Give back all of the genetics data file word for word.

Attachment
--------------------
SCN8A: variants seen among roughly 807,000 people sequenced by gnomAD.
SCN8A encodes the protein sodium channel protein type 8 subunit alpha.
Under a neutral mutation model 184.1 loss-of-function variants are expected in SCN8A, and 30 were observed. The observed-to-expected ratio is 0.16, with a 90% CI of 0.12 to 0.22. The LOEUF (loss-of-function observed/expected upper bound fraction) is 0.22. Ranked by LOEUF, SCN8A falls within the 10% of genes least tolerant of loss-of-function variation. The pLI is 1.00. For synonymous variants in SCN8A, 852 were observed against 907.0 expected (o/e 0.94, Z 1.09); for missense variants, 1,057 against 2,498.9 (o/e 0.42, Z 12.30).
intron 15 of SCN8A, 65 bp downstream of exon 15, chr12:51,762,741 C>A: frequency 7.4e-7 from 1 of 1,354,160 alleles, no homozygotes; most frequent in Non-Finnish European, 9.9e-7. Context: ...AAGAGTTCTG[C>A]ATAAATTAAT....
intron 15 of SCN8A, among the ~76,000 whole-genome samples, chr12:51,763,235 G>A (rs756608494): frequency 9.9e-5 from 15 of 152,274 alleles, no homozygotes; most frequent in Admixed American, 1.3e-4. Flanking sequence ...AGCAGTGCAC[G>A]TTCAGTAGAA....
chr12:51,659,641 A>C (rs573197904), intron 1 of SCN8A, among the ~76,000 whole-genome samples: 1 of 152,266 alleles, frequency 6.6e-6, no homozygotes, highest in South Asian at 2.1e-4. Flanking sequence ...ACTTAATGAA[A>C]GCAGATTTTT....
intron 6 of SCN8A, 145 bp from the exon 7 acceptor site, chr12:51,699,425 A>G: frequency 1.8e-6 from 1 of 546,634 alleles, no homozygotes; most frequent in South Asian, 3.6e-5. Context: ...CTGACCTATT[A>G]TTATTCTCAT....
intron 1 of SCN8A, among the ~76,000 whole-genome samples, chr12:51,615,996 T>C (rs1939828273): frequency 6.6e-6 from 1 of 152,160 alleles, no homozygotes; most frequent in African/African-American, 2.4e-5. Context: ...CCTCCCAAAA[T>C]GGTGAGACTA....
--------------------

SCN8A: variants seen among roughly 807,000 people sequenced by gnomAD.
SCN8A encodes the protein sodium channel protein type 8 subunit alpha.
Under a neutral mutation model 184.1 loss-of-function variants are expected in SCN8A, and 30 were observed. The observed-to-expected ratio is 0.16, with a 90% CI of 0.12 to 0.22. The LOEUF (loss-of-function observed/expected upper bound fraction) is 0.22. Ranked by LOEUF, SCN8A falls within the 10% of genes least tolerant of loss-of-function variation. The pLI is 1.00. For synonymous variants in SCN8A, 852 were observed against 907.0 expected (o/e 0.94, Z 1.09); for missense variants, 1,057 against 2,498.9 (o/e 0.42, Z 12.30).
intron 15 of SCN8A, 65 bp downstream of exon 15, chr12:51,762,741 C>A: frequency 7.4e-7 from 1 of 1,354,160 alleles, no homozygotes; most frequent in Non-Finnish European, 9.9e-7. Context: ...AAGAGTTCTG[C>A]ATAAATTAAT....
intron 15 of SCN8A, among the ~76,000 whole-genome samples, chr12:51,763,235 G>A (rs756608494): frequency 9.9e-5 from 15 of 152,274 alleles, no homozygotes; most frequent in Admixed American, 1.3e-4. Flanking sequence ...AGCAGTGCAC[G>A]TTCAGTAGAA....
chr12:51,659,641 A>C (rs573197904), intron 1 of SCN8A, among the ~76,000 whole-genome samples: 1 of 152,266 alleles, frequency 6.6e-6, no homozygotes, highest in South Asian at 2.1e-4. Flanking sequence ...ACTTAATGAA[A>C]GCAGATTTTT....
intron 6 of SCN8A, 145 bp from the exon 7 acceptor site, chr12:51,699,425 A>G: frequency 1.8e-6 from 1 of 546,634 alleles, no homozygotes; most frequent in South Asian, 3.6e-5. Context: ...CTGACCTATT[A>G]TTATTCTCAT....
intron 1 of SCN8A, among the ~76,000 whole-genome samples, chr12:51,615,996 T>C (rs1939828273): frequency 6.6e-6 from 1 of 152,160 alleles, no homozygotes; most frequent in African/African-American, 2.4e-5. Context: ...CCTCCCAAAA[T>C]GGTGAGACTA....